I have been slicing away at words for hours today, doing the rough edit of my book B’Hemoth, which was recorded just before Christmas. It’s slow work but necessary before my son begins the last series of processes which will create our first full-length audio book! The end result will be very exciting, but right now what I’m doing is a lot like watching paint dry!
But what’s in a name? A writer can do so much with a name to imprint on the reader the exact impression that is wanted.
Charles Dickens was a past master at using the naming device, learning, perhaps, from earlier writers, but also the rich culture of the City of London must have helped, for there were droll characters in real life on every street, in the coffee houses and pubs, all the places young Dickens was taken by his father, and explored during the rest of his life.
Cities can be very theatrical; on any one day, scenes, acts and whole dramas are played out in public, often to remain forever in the minds of the onlookers.
In his stories Dickens deliberately fixed in the reader’s mind the role certain characters would play by the name he chose for them. Regular monikers such as Brown, Grey or Black were absent, especially when there was something special to relate. Instead he found unique titles guaranteed to raise strong emotions in the readers and deepen the drama in which they were involved.
Where did Dickens come by those names? He had to make them up, I believe; stitching together pieces of words, and removing others from their original context, to get the particular result he desired.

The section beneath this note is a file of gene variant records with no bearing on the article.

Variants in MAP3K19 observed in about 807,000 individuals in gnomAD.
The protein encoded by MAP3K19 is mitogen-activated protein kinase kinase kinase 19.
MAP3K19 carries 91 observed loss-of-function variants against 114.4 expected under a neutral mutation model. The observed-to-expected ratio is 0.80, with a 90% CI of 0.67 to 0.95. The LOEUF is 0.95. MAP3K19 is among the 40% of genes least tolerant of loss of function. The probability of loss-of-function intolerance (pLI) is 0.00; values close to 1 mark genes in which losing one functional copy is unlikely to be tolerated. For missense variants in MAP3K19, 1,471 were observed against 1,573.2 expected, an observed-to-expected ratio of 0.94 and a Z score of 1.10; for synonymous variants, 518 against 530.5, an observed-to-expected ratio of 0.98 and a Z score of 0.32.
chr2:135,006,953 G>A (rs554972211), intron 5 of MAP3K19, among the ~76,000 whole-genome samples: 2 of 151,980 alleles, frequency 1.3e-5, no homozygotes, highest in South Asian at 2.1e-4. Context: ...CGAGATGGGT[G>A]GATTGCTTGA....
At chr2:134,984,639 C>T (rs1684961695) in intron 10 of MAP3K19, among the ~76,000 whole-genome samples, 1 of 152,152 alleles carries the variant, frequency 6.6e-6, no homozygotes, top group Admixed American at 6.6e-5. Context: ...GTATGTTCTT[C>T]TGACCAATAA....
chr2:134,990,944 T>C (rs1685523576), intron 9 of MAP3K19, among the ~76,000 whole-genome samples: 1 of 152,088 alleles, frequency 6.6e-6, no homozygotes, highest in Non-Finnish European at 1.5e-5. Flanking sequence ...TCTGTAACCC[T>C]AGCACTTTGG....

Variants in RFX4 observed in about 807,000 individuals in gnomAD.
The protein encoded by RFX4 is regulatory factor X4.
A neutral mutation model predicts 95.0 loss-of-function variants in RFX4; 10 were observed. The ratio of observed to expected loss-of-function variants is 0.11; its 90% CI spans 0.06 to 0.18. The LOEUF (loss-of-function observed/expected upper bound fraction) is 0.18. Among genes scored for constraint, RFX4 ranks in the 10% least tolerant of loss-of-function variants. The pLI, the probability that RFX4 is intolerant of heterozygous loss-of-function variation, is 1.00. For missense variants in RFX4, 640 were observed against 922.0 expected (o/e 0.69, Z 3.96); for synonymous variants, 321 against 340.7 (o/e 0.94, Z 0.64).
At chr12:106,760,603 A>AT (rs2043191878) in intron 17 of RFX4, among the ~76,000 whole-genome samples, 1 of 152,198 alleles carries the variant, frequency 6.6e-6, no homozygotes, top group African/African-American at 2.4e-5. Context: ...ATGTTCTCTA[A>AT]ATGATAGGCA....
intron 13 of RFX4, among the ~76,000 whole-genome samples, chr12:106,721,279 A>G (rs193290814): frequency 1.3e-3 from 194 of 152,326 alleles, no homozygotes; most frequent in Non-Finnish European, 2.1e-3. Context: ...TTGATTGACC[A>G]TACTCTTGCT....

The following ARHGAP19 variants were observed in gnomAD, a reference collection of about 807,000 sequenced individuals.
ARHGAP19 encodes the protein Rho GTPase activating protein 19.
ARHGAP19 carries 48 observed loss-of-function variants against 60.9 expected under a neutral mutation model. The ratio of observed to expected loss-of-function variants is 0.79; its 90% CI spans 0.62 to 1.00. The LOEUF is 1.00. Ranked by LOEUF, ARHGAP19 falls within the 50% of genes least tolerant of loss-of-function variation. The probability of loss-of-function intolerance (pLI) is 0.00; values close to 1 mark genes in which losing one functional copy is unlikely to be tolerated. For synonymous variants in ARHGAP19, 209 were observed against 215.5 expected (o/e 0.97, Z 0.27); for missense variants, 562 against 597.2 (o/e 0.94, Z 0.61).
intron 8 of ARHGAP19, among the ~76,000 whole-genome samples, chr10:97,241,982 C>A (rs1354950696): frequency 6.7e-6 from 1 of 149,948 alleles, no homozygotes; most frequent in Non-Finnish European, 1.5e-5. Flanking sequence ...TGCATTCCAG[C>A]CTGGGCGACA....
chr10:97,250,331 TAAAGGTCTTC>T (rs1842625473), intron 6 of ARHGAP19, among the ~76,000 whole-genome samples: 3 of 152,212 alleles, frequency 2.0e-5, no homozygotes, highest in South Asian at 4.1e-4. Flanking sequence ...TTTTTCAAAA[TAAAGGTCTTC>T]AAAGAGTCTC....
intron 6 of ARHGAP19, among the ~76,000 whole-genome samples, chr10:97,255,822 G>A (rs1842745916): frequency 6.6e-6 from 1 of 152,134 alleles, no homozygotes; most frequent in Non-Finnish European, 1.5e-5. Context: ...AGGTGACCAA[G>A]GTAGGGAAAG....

A few to play with:
1 A man of potentially murderous intent with a heart of stone – Mr Murdstone, the despicable man who preyed on young defenseless widow women. David Copperfield.
2 The family of Barnacles in the Circumlocution Office, petty bureaucrats who glued themselves to the idea of doing nothing while sticking to their own rock. Little Dorritt.
3 Bradley Headstone, a schoolteacher with an insane mind, and as jealous in nature as any gravestone that guards the corpse below it. Often as off-kilter as Headstone, the graveyard stones are just as likely to tip over and destroy the innocent bystander without warning. Our Mutual Friend.
There are a great many examples of such special names in Dicken’s stories, Mr Micawber, Miss Flite, Squeers, Quilp, Mrs Gamp, Seth Pecksniff, Uriah Heep, on and on, each playing out their proclaimed destiny to great effect
Dickens must have met many of the templates for his characters in his travels round London, for there is always great solidity to them, they are not made out of cardboard to supply some light relief or slap-stick while the rest of the action is going on. They are flavourful beings, to be savoured, each and every one, tale tellers in their own right, for which we, the readers, can be eternally grateful.